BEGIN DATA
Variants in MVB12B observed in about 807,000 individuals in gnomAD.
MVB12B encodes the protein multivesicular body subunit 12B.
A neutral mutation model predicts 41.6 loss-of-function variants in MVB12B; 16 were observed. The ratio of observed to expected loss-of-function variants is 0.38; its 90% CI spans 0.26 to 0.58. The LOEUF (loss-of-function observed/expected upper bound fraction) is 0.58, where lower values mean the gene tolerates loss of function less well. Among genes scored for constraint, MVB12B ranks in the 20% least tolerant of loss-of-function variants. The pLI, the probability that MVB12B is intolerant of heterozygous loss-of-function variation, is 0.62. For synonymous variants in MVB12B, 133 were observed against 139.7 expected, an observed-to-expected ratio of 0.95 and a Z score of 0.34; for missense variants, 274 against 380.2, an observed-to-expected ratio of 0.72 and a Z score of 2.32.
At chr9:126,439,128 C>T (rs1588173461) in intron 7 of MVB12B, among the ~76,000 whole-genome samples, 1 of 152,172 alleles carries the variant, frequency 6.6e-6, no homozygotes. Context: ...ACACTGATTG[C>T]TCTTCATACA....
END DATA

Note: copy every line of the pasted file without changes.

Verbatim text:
Variants in MVB12B observed in about 807,000 individuals in gnomAD.
MVB12B encodes the protein multivesicular body subunit 12B.
A neutral mutation model predicts 41.6 loss-of-function variants in MVB12B; 16 were observed. The ratio of observed to expected loss-of-function variants is 0.38; its 90% CI spans 0.26 to 0.58. The LOEUF (loss-of-function observed/expected upper bound fraction) is 0.58, where lower values mean the gene tolerates loss of function less well. Among genes scored for constraint, MVB12B ranks in the 20% least tolerant of loss-of-function variants. The pLI, the probability that MVB12B is intolerant of heterozygous loss-of-function variation, is 0.62. For synonymous variants in MVB12B, 133 were observed against 139.7 expected, an observed-to-expected ratio of 0.95 and a Z score of 0.34; for missense variants, 274 against 380.2, an observed-to-expected ratio of 0.72 and a Z score of 2.32.
At chr9:126,439,128 C>T (rs1588173461) in intron 7 of MVB12B, among the ~76,000 whole-genome samples, 1 of 152,172 alleles carries the variant, frequency 6.6e-6, no homozygotes. Context: ...ACACTGATTG[C>T]TCTTCATACA....